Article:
According to the Washington-based NGO, Global Financial Integrity, Malaysia is the world's fifth largest source of illicit capital in the world.
While it has become a bit of a cliché, therapists maintain that recovery from addiction or personal trauma begins with admitting and confronting one’s problems, dependencies and destructive habits. This notion can be scaled up to embody whole societies, economies and political systems.
For economists, problems can only be addressed when a light is shone upon them, in the form of access to data, embodied in the adage that “what is measured, is managed” and its inference that “what isn’t measured, isn’t managed”.
Yet deciding on which economic trends to measure is a treacherously politicised process, with statistics often been used, as Andrew Lang (Scottish poet, novelist and literary critic) described, in the way that drunks used lamp-posts for support rather than illumination.
Since independence, Malaysia has seen steady economic growth rates and development indicators superior to many of its post-colonial peers.
This is partly due to the foundations created by peace and comparative political stability during the Cold War era when the Barisan Nasional (BN) coalition claimed to have prevented political and racial strife.
Whether or not this is accurate, it is absolutely central to BN’s narrative and its assumed mandate: the “keep calm and carry on” premise that encourages citizens not to rock the boat and concentrate on the petty discontents of today.
BN encourages citizens to maintain their forward focus on the end prize of “full development” that awaits them in 2020.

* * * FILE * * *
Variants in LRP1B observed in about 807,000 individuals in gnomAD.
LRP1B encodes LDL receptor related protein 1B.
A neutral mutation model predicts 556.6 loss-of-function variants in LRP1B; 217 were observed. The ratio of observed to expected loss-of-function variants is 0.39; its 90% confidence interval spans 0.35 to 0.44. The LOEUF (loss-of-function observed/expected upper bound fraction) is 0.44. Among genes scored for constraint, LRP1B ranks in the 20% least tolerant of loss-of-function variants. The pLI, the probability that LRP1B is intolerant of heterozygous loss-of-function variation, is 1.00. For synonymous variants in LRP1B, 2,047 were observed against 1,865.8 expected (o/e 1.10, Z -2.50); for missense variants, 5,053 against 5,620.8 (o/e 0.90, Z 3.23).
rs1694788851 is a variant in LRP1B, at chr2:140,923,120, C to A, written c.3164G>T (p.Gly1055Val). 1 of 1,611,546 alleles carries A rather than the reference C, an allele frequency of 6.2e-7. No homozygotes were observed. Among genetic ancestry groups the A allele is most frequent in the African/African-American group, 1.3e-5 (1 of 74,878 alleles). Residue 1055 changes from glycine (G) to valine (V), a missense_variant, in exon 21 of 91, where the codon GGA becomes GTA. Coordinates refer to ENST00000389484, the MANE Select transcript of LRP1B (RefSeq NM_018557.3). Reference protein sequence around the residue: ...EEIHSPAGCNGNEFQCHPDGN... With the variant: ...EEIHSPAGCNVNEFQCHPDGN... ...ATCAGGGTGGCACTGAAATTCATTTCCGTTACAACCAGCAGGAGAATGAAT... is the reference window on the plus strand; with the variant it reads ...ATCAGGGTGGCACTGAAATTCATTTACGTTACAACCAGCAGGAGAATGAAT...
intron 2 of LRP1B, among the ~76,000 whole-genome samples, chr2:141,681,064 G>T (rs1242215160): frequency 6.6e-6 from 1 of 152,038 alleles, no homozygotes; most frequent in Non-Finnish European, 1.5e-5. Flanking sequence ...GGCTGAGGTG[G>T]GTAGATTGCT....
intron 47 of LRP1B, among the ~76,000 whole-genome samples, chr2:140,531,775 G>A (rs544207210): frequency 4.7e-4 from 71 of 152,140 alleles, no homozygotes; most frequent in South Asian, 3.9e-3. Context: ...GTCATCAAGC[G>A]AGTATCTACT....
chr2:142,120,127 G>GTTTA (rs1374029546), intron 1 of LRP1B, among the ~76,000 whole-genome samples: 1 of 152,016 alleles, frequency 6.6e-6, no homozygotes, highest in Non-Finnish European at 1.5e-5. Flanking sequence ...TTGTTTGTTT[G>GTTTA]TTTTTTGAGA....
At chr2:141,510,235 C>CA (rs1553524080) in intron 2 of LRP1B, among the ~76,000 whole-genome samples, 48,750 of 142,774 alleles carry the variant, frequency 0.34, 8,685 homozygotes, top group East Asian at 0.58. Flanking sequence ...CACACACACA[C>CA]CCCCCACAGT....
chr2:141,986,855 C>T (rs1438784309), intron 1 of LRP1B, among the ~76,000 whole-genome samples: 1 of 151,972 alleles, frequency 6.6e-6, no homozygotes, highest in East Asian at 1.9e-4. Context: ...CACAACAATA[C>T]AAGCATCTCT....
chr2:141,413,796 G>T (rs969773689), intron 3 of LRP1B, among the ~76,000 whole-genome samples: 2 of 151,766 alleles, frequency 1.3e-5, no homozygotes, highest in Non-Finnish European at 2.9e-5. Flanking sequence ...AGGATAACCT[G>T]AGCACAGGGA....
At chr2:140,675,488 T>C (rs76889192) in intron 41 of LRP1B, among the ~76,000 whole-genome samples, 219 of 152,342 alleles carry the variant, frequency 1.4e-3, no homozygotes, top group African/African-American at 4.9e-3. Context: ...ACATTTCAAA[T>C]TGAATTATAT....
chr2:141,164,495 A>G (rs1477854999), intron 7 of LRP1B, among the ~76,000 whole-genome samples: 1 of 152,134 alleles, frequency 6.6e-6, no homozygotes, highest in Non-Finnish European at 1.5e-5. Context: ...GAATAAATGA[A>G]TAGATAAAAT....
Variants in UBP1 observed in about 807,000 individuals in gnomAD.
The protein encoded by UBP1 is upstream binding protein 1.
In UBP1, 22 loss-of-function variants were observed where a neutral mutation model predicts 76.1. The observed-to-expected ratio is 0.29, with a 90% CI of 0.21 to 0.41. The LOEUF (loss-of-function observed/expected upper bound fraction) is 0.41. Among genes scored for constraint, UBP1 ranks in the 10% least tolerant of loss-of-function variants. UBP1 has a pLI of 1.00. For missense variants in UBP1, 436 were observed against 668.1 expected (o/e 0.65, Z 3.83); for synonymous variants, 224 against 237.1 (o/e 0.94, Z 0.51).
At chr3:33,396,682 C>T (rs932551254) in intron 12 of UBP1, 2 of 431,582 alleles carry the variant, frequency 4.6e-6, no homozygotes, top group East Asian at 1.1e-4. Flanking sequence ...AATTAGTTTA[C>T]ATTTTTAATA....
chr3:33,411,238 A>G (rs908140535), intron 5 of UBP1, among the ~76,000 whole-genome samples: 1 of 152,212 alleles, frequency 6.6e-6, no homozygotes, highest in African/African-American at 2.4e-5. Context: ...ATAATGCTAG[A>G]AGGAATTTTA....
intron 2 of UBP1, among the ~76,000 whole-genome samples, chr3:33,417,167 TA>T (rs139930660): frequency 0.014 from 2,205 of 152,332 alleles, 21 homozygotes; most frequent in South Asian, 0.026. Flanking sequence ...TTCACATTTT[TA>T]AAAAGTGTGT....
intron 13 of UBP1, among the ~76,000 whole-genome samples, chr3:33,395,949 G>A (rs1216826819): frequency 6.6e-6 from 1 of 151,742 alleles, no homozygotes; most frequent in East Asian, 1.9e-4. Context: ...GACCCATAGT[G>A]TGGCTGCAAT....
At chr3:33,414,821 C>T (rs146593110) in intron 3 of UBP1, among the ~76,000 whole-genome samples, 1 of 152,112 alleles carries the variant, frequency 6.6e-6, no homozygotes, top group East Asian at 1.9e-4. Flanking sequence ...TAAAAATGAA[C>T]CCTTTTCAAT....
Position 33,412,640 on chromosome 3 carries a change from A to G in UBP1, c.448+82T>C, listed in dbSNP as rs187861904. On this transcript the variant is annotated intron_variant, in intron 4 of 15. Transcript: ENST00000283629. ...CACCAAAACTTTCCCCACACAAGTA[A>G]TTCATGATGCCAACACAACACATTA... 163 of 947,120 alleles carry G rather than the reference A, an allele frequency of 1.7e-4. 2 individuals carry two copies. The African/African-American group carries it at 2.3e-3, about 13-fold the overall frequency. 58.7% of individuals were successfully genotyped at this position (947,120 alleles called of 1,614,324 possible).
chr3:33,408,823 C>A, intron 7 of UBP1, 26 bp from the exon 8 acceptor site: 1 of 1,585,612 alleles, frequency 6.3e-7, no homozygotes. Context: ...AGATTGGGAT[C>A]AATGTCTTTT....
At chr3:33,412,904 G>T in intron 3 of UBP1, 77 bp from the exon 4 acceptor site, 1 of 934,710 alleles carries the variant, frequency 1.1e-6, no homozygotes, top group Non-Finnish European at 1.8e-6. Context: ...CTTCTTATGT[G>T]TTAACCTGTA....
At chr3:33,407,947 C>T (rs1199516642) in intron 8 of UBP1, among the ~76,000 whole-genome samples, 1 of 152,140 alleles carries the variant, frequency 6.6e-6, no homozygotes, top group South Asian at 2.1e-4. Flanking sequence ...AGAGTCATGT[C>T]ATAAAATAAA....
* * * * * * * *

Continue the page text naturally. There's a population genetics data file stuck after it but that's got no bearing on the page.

This narrative is readily supplemented by headline figures of increased GDP and foreign investment.
Malaysia is a resource-rich country with lower population density and higher rates of urbanisation than its regional neighbours.
RM893 billion lost
As such, it is naturally disposed towards a productive natural resources sector, strong exports buoyed by rising commodity prices and healthy balance of payments.
Yet hidden underneath this is an economic activity that has gone officially unmeasured – “capital flight”, which incidentally is highly organised and readily accepted by Malaysia’s political and business elite.
Last year’s report by the Washington NGO Global Financial Integrity (GFI) estimated that Malaysia lost US$291 billion (RM893 billion) to “capital flight” between 2000 and 2008, making it the world’s fifth largest source of illicit capital in the world.
This fact was expounded in various articles in the Malaysian press yet “capital flight” should be understood not as an absolute figure but in proportion to the size of an economy.
Comparing illicit flows to cumulative GDP shows that Malaysia lost an amount equal to 24% of its GDP between 2000 and 2008.
This places Malaysia in joint third place with the United Arab Emirates and beaten only by Kuwait and Qatar.
Modelling after Gulf economies
Amazingly, Malaysia’s peers when it comes to capital flight are the desert monarchies of the Gulf, which possess tiny populations, vast capital surpluses generated by petroleum revenues and virtually non-existent tax regimes.
The closest state to Malaysia with a nominally “standard” model of governance (tax and redistribution) is none other than Nigeria – that notoriously corrupt petroleum-state which trails behind Malaysia by a full 10%.
Last year, the Swiss bank UBS (ironically usually associated as a facilitator of capital flight) publicly highlighted the “bizarre” fact that in 2009, Malaysia’s foreign exchange reserves dropped by a whopping 25%, despite recording a surplus in its balance of payments with foreign parties.
In essence, foreign currency earned through international transactions (for example, Malaysian exports) had been transferred abroad through illicit means rather than being taxed, spent or invested in the Malaysian economy.
What does this tell us about the state of the Malaysian economy and system of governance?
GFI’s report cites weak governance, both in the public and private sector, as the probable cause of illicit flows.